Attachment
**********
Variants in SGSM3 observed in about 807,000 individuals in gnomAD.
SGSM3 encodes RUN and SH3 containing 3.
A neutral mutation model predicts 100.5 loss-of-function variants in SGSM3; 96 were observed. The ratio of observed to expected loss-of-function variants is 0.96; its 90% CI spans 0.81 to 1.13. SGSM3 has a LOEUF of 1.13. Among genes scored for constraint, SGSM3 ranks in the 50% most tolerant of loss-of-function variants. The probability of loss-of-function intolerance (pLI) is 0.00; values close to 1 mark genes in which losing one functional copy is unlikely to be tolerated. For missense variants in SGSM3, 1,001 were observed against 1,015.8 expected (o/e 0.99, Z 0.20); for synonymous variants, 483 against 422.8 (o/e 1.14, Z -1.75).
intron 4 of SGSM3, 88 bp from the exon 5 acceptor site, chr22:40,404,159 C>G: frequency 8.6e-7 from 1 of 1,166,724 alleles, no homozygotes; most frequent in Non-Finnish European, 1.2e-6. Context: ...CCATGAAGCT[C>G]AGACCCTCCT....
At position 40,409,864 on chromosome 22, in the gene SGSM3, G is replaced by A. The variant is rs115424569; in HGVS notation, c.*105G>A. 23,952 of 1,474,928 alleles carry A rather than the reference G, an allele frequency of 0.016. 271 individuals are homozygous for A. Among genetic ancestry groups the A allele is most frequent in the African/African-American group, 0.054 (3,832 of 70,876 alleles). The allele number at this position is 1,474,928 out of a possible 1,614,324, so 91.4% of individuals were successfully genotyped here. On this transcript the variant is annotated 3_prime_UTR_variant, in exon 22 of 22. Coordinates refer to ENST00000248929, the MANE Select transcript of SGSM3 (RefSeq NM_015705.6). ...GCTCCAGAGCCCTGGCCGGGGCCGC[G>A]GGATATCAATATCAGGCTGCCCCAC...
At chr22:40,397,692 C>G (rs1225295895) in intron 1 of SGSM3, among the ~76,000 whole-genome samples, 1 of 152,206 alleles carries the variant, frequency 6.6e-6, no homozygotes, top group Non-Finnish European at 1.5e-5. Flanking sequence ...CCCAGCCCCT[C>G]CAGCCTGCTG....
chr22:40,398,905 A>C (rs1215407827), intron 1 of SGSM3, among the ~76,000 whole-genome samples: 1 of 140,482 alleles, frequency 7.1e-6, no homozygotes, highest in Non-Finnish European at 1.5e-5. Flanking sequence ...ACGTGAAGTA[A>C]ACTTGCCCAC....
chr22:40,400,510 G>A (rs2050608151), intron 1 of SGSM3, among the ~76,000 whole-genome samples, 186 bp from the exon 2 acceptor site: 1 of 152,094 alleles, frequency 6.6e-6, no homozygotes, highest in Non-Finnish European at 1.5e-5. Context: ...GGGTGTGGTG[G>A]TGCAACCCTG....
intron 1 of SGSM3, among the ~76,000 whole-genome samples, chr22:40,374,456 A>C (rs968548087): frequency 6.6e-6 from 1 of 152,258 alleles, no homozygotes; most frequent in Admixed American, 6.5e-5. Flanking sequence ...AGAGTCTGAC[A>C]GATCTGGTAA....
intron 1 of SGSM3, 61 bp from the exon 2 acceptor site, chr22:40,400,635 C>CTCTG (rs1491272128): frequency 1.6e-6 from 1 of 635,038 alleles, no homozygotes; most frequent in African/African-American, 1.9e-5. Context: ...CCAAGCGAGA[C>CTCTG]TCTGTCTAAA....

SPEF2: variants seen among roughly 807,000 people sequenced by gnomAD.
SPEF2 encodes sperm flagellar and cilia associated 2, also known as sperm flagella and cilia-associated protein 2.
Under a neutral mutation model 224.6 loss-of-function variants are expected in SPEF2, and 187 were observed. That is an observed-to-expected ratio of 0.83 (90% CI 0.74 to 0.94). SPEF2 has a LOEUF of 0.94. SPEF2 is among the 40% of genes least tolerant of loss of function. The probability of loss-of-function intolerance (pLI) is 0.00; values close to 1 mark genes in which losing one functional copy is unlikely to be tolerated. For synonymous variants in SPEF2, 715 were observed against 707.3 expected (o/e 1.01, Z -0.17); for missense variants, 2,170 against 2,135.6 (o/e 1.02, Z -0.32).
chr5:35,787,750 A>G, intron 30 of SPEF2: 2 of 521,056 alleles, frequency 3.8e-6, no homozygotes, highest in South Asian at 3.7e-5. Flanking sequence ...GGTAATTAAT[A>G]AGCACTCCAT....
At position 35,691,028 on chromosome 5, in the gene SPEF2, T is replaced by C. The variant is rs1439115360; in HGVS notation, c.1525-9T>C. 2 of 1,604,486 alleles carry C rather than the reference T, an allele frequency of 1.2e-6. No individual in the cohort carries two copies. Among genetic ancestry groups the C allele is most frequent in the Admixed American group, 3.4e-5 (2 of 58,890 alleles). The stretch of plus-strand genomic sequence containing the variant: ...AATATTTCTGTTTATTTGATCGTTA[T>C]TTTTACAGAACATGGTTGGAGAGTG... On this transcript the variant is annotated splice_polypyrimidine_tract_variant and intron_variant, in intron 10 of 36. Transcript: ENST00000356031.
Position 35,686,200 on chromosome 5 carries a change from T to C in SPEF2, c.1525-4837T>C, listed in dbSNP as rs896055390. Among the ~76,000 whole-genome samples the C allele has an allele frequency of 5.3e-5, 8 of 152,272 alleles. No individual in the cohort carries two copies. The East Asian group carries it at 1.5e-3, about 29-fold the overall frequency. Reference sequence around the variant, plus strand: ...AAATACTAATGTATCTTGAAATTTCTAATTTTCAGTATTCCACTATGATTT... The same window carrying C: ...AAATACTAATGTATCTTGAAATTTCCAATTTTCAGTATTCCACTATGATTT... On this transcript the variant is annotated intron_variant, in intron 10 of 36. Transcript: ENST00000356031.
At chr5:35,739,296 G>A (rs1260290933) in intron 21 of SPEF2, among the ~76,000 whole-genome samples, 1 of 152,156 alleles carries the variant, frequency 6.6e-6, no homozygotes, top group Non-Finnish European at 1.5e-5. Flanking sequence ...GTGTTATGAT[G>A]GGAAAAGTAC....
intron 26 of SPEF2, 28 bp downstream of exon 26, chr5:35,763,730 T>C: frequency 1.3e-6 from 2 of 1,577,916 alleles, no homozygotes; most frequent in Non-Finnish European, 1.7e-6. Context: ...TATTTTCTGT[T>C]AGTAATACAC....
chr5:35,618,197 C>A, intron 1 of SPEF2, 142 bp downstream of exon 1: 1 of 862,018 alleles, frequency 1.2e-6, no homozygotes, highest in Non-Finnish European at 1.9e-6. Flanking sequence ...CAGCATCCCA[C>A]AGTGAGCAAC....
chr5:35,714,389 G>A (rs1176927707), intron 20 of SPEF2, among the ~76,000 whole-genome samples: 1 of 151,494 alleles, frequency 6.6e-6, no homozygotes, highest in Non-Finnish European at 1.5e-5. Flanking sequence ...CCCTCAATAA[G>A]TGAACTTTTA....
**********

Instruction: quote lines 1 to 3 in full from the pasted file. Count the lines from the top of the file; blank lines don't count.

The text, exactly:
Variants in SGSM3 observed in about 807,000 individuals in gnomAD.
SGSM3 encodes RUN and SH3 containing 3.
A neutral mutation model predicts 100.5 loss-of-function variants in SGSM3; 96 were observed. The ratio of observed to expected loss-of-function variants is 0.96; its 90% CI spans 0.81 to 1.13. SGSM3 has a LOEUF of 1.13. Among genes scored for constraint, SGSM3 ranks in the 50% most tolerant of loss-of-function variants. The probability of loss-of-function intolerance (pLI) is 0.00; values close to 1 mark genes in which losing one functional copy is unlikely to be tolerated. For missense variants in SGSM3, 1,001 were observed against 1,015.8 expected (o/e 0.99, Z 0.20); for synonymous variants, 483 against 422.8 (o/e 1.14, Z -1.75).